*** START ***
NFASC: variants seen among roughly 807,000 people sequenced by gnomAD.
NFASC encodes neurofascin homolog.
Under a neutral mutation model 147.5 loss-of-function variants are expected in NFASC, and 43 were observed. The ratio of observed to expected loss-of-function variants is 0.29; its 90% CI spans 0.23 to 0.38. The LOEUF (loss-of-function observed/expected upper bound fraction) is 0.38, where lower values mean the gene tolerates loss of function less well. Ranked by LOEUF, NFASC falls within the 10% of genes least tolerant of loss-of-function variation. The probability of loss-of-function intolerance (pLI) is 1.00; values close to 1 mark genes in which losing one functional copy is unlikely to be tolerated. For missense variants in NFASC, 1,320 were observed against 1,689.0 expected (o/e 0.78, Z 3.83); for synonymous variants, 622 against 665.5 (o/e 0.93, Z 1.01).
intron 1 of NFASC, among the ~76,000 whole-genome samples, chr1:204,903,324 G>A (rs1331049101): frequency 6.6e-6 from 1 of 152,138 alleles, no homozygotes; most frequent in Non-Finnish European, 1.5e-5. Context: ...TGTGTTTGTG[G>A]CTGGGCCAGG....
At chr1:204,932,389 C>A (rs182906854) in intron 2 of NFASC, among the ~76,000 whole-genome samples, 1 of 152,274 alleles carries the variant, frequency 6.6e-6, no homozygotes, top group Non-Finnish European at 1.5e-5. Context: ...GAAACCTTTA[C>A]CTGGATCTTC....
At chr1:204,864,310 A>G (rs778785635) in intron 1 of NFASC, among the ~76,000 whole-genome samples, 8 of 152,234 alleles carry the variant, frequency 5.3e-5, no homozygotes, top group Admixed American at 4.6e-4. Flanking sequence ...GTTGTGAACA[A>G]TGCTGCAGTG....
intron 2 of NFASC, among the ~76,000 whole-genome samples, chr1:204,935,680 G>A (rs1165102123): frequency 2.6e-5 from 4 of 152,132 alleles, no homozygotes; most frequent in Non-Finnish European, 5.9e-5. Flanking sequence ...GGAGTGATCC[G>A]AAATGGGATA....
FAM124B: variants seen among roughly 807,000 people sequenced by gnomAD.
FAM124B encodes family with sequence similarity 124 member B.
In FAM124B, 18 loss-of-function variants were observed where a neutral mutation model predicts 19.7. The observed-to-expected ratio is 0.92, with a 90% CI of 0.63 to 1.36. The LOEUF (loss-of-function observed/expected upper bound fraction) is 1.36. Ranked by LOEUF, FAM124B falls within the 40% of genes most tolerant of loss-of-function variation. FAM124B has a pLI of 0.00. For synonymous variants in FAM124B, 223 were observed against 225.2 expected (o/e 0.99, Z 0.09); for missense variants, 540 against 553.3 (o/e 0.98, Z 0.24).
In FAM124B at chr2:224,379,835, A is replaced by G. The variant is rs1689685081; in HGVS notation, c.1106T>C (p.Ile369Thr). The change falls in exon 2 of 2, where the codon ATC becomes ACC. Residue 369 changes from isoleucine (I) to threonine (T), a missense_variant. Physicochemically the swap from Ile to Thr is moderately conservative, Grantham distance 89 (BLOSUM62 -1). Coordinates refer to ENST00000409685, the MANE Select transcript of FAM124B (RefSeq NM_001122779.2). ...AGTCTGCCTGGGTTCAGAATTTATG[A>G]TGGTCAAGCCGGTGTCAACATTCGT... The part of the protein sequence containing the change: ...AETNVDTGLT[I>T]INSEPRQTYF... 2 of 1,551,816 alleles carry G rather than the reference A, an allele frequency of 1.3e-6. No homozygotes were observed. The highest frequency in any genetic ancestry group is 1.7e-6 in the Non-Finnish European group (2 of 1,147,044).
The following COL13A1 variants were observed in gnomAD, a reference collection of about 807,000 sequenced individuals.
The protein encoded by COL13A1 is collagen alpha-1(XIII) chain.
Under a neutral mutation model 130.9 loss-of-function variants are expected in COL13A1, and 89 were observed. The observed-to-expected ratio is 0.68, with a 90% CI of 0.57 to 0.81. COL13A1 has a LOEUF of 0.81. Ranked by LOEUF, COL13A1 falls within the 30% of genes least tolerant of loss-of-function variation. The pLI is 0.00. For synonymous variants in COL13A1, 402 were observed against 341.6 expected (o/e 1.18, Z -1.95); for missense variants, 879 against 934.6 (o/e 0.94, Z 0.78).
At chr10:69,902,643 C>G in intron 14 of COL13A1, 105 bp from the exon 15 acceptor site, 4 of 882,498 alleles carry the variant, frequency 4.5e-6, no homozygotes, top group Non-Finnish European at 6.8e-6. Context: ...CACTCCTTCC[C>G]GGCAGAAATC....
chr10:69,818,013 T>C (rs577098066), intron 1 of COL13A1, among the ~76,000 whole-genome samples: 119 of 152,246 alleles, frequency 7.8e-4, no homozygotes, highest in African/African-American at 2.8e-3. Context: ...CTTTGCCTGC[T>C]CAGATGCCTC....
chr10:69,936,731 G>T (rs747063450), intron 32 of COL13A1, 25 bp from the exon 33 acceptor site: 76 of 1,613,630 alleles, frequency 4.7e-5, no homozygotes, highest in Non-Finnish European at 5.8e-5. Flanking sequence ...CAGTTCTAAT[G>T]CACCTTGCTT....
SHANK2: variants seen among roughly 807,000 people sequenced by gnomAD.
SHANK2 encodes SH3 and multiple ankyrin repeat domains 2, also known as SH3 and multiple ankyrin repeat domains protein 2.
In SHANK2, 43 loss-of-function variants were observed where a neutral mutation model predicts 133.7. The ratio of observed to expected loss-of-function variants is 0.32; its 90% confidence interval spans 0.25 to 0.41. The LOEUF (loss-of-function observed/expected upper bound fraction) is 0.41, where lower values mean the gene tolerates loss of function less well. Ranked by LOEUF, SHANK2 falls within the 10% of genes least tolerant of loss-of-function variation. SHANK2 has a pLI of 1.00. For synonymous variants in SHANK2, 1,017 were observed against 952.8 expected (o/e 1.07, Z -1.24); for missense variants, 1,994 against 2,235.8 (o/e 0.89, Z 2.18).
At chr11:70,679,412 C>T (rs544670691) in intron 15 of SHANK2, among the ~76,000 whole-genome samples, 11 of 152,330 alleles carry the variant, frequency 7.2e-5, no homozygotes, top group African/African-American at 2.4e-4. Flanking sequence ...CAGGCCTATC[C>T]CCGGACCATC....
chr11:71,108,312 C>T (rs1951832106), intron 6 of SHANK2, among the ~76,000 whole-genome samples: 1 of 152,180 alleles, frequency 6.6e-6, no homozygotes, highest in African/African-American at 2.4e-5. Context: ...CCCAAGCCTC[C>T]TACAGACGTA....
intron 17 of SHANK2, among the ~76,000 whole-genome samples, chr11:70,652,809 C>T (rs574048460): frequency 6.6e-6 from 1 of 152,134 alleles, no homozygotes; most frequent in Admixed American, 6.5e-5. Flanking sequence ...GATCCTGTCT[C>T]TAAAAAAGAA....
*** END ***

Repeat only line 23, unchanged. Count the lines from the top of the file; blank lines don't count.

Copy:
intron 17 of SHANK2, among the ~76,000 whole-genome samples, chr11:70,652,809 C>T (rs574048460): frequency 6.6e-6 from 1 of 152,134 alleles, no homozygotes; most frequent in Admixed American, 6.5e-5. Flanking sequence ...GATCCTGTCT[C>T]TAAAAAAGAA....